FOREIGN POLICY

Sen. Graham urges Trump to punish Russia over election interference

U.S Senator Lindsey Graham attends the 53rd Munich Security Conference in Munich, Germany, February 19, 2017. REUTERS/Michaela Rehle - RTSZCF0

U.S Senator Lindsey Graham attends the 53rd Munich Security Conference in Munich, Germany, February 19, 2017. REUTERS/Michaela Rehle - RTSZCF0

Sen. Lindsey Graham is urging President Donald Trump to take action against Russia over the allegations that Moscow interfered in the election.

Speaking to world leaders at the Munich Security Conference on Sunday, the Republican senator from South Carolina said Congress needs to get involved to ensure there are “consequences” for the alleged hacking.

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"2017 is going to be a year of kicking Russia in the ass in Congress," Graham said. “I promise everybody in this room that Congress is going to take a long hard look what Russia did to undermine our elections, so you'll be better prepared when they come your way.”

Graham said he plans to introduce a bipartisan motion for new Russia sanctions and that it will get “north of 75 votes.”

"My goal is to put it on Trump's desk and I hope he'll embrace the idea that as the leader of the free world he should be working with us to punish Russia," Graham said.

The longtime senator’s comments follow the reports from U.S. intelligence officials to the new president that Moscow tried to influence voters by hacking Democratic emails and trolling social media sites. Trump has sought to downplay Russia’s role in the election and wants better relations with the Kremlin.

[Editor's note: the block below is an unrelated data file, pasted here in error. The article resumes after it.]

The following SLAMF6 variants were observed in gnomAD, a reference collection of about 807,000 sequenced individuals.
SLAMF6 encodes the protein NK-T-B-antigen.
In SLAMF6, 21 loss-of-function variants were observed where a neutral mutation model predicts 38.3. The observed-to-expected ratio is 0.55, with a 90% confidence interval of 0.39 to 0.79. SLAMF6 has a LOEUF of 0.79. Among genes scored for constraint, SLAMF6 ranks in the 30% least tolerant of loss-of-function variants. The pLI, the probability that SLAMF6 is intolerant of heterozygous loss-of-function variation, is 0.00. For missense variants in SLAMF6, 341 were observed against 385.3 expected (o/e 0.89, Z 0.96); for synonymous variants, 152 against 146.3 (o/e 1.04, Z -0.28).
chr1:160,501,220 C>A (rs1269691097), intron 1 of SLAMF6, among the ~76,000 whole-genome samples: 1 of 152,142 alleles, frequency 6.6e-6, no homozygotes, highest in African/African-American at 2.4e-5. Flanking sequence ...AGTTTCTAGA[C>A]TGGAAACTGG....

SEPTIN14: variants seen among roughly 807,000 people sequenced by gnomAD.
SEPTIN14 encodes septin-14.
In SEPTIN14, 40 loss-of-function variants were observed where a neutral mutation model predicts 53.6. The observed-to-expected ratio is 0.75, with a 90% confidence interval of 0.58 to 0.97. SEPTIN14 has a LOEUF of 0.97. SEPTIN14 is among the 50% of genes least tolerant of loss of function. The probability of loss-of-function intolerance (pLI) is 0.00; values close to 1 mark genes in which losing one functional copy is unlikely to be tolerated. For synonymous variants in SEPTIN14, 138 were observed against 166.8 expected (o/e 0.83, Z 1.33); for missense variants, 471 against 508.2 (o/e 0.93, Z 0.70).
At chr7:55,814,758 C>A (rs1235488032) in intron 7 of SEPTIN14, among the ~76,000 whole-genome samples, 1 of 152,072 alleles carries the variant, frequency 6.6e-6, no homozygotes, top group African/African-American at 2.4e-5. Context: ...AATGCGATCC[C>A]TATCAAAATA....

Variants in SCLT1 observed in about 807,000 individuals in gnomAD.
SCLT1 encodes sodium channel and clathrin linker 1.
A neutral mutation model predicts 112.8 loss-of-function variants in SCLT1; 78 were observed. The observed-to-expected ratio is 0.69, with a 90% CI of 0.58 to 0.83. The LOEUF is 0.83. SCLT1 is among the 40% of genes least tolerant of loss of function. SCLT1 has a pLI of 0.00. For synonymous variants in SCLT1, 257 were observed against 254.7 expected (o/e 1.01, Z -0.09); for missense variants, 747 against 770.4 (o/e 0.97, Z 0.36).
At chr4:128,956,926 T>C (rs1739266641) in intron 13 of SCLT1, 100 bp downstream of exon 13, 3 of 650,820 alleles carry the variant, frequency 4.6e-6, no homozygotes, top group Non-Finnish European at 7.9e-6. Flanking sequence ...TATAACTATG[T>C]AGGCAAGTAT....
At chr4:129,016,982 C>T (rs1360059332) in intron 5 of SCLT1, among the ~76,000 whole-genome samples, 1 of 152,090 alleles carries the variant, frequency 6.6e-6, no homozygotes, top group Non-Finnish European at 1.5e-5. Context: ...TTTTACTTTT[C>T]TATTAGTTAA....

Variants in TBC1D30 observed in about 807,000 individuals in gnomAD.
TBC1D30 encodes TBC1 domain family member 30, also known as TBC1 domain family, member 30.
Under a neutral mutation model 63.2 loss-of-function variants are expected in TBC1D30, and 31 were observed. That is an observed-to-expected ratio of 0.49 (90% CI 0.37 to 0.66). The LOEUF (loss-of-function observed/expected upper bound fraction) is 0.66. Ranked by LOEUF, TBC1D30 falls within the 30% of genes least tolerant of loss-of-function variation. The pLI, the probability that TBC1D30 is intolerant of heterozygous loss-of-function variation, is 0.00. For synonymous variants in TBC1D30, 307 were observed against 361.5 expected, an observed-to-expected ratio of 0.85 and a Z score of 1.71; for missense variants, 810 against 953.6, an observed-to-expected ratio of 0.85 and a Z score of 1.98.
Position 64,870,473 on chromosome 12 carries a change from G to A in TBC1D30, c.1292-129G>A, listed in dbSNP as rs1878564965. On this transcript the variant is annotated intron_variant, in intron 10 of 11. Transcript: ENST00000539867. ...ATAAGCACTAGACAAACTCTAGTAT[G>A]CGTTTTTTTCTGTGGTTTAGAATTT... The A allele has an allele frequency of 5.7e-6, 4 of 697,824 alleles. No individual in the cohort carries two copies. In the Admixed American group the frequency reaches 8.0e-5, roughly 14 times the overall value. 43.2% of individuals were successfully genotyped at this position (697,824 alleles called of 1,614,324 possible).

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Russia denies meddling in the election, with Foreign Minister Sergey Lavrov saying Saturday that "I have seen no facts. There were just some accusations that we tried to hack some Democratic Party website."

Though the allegations are that the hacking was directed at the Democrats, Graham said "we should have an Article 5 that an attack on one party is an attack on all." He was referring to NATO's Article 5, which states that an attack on one member of the alliance is seen an attack of the entire alliance.

"My biggest concern with President Trump ... is that he's never really looked the camera in the eye and said, 'Even though it was the Democratic Party that suffered from Russian interference, I am now the leader of the free world and I can assure you they're going to pay a price on my watch for trying to interfere in our election.'"

The conference opened Friday with criticism of Trump from another senior Republican senator, Arizona's John McCain, the chairman of the Armed Services Committee, who said "more and more of our fellow citizens seem to be flirting with authoritarianism and romanticizing it as our moral equivalent."

Later, answering question about the ouster of Trump's national security adviser Michael Flynn for misrepresenting his contacts with Russia, McCain said that the issue "is something that shows in many respects this administration is in disarray and they've got a lot of work to do."

McCain, who has openly quarreled with the president, added that Trump often "contradicts himself" in his statements, and that "some of us have learned to watch what the president does as opposed to what he says."

Vice President Mike Pence also took the stage at the conference on Saturday to assure European leaders that the U.S. will hold Russia accountable.

The Associated Press contributed this report.